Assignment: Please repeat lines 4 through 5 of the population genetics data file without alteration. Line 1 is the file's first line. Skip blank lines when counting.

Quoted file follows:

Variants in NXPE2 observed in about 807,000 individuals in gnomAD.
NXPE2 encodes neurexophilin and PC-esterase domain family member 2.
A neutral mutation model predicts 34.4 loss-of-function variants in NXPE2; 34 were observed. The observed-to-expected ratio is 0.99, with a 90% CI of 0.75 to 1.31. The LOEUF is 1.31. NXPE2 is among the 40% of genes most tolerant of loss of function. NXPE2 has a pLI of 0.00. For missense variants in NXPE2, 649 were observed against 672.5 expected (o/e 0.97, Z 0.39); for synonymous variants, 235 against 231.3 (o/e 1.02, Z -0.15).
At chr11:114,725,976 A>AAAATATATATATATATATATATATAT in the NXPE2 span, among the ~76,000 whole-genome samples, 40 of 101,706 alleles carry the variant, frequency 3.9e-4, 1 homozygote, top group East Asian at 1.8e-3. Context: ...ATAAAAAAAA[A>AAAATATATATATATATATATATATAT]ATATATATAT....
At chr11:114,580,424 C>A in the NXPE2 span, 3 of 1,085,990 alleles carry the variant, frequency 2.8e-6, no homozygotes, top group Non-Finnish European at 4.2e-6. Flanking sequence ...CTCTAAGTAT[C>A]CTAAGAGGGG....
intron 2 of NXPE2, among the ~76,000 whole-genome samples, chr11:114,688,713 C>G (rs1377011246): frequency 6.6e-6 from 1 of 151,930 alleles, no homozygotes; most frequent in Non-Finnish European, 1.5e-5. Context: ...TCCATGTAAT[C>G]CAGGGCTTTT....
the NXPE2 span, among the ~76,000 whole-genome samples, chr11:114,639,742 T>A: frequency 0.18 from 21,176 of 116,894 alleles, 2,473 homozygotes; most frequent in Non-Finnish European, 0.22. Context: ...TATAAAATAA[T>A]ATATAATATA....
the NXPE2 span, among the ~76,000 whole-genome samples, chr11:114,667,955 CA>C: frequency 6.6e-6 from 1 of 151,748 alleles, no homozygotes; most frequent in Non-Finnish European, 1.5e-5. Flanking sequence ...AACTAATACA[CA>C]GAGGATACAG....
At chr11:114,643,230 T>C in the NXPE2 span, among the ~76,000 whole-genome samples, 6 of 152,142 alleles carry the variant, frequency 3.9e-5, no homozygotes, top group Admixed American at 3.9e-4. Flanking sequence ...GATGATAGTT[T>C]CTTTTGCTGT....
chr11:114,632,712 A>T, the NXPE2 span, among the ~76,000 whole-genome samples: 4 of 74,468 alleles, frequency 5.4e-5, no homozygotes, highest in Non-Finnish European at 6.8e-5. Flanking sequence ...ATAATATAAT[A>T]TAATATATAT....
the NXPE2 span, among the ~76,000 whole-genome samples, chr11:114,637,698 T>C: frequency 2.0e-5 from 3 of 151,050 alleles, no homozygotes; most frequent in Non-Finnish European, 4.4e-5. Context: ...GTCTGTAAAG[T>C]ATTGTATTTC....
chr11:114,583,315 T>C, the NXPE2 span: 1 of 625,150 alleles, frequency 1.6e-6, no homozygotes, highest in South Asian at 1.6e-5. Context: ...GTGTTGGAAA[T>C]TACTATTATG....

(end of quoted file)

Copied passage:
At chr11:114,725,976 A>AAAATATATATATATATATATATATAT in the NXPE2 span, among the ~76,000 whole-genome samples, 40 of 101,706 alleles carry the variant, frequency 3.9e-4, 1 homozygote, top group East Asian at 1.8e-3. Context: ...ATAAAAAAAA[A>AAAATATATATATATATATATATATAT]ATATATATAT....
At chr11:114,580,424 C>A in the NXPE2 span, 3 of 1,085,990 alleles carry the variant, frequency 2.8e-6, no homozygotes, top group Non-Finnish European at 4.2e-6. Flanking sequence ...CTCTAAGTAT[C>A]CTAAGAGGGG....